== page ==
Design Lab—If you’re looking to deck your dream home with jaw-dropping contemporary furniture and lighting by notable European designers, check out Design Lab. Premium does come at a price, of course, so be prepared to splurge. 1401 Elm St., Over-the-Rhine, (513) 620-7299, design-lab.com

Elm and Iron Loft—Just as curated and cool as its sister shop across the street, the Loft specializes in vintage furniture and accents. Nothing here is run-of-the-mill: Its antique sewing machines, old-school signs, and retro posters are showstoppers. 1411 Vine St., Over-the-Rhine, (513) 429-4472, elmandiron.com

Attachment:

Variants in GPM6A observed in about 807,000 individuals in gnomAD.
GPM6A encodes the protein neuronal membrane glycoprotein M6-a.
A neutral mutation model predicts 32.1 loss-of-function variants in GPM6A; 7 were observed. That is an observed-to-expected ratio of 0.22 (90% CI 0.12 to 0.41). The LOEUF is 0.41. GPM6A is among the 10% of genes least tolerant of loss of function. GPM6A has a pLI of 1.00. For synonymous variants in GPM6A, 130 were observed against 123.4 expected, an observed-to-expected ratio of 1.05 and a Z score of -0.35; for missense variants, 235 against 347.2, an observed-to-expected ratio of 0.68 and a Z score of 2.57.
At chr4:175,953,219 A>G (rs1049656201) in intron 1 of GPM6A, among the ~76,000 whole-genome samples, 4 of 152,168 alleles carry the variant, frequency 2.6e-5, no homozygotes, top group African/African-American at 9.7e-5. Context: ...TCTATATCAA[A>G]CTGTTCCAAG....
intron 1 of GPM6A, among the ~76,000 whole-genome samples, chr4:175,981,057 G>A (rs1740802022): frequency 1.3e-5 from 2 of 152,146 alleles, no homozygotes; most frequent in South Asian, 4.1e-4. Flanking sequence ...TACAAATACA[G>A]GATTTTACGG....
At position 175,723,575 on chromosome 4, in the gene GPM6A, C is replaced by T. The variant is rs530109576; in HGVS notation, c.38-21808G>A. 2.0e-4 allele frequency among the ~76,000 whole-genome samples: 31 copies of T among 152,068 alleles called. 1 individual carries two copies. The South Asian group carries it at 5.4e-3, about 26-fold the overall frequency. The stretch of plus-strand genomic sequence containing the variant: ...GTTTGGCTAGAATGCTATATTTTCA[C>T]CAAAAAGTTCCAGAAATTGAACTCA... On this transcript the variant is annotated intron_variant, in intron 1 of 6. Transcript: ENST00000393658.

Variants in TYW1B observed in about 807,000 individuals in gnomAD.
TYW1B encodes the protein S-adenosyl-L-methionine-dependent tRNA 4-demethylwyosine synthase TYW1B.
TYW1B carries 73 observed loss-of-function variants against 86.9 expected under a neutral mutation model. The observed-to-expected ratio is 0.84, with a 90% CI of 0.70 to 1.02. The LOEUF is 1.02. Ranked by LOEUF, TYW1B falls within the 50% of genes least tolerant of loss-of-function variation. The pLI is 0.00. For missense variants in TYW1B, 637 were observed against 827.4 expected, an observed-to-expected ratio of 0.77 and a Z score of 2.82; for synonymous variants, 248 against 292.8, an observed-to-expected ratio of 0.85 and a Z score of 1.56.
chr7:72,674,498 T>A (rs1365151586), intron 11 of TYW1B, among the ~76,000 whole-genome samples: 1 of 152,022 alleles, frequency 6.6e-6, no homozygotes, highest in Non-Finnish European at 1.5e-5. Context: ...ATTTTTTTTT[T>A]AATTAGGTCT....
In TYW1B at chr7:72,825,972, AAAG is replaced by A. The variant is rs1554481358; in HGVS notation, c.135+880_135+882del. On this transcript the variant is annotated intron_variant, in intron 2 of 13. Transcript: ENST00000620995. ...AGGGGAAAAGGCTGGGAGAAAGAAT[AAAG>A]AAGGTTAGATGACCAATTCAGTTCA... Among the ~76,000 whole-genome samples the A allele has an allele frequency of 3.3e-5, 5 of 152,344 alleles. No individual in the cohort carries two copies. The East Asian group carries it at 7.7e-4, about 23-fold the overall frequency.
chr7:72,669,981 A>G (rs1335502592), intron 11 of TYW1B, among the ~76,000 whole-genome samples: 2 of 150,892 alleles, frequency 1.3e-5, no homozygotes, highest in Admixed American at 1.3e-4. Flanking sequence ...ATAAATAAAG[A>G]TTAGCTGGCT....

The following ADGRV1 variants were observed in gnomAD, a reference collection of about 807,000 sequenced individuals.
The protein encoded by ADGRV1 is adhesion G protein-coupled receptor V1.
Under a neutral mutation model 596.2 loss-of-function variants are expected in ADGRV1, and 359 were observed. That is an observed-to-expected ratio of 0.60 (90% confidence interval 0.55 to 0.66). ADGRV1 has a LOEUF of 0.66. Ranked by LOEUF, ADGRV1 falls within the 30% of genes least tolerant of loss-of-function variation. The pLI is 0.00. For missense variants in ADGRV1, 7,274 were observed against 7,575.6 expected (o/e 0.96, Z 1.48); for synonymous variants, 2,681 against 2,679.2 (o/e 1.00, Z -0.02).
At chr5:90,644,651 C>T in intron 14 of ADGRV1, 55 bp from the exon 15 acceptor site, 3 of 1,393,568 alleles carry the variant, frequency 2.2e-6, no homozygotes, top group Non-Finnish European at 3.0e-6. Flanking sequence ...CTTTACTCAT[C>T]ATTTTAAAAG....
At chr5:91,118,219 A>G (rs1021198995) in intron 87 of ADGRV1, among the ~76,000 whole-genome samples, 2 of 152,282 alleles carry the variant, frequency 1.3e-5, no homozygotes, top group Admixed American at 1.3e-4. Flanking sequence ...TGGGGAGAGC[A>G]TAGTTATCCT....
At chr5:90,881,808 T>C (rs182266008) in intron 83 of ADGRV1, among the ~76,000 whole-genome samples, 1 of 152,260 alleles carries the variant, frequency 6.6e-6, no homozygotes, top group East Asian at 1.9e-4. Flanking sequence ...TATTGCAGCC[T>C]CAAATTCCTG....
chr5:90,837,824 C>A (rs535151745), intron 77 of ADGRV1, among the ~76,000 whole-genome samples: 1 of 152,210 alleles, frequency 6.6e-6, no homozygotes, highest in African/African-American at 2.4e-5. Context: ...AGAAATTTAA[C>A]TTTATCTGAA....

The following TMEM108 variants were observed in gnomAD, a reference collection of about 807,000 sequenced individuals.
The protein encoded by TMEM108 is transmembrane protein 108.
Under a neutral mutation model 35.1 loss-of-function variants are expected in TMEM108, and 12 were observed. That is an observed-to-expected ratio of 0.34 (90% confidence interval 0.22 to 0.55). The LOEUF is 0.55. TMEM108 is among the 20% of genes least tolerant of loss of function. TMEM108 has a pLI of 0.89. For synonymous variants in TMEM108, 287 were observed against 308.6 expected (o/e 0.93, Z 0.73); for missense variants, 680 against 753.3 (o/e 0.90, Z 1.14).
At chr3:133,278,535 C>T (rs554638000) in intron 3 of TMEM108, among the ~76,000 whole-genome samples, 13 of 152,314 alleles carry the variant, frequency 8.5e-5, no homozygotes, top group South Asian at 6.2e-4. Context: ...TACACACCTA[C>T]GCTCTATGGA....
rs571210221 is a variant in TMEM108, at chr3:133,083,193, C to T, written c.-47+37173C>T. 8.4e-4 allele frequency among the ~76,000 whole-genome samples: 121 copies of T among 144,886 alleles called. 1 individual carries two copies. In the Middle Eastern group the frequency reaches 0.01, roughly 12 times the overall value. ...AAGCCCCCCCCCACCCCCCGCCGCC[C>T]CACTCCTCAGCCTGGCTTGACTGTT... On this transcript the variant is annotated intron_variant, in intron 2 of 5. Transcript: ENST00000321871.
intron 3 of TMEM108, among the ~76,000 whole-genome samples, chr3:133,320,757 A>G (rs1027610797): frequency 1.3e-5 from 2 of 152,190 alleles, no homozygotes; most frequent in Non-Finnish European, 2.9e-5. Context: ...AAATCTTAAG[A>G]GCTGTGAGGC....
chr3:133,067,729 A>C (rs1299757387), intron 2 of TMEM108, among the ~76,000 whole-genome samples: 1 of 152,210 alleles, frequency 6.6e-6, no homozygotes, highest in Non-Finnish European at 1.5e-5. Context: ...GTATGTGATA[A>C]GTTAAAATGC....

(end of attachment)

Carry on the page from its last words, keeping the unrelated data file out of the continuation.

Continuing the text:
Grainwell—Shop local and custom. Three sisters run this shop, sourcing unique wood pieces that can be transformed into decor and personalized with inscribed or laser-cut text and designs. Hello, future gift-giving legend. 33 W. Pike St., Covington, (859) 261-6600, grainwell.com

HighStreet—The wide selection of swanky furniture, lighting, textiles, and home accessories here is effortlessly chic. Their knowledgeable team of design-savvy associates is on hand to guide you through the vast collections of international finds. 1401 Reading Rd., Pendleton, (513) 723-1901, highstreetcincinnati.com

This N That Consignments—You might forget you’re in a second-hand shop. The furniture quality here is more like what you would find at one of those big-box depots, but at a fraction of the price. 600 Reading Rd., Ste. A, Mason, (513) 204-1600, thisnthatconsign.com


Time Travel
Where to score gently used treasures from yesteryear—or last season. —Amanda Boyd Walters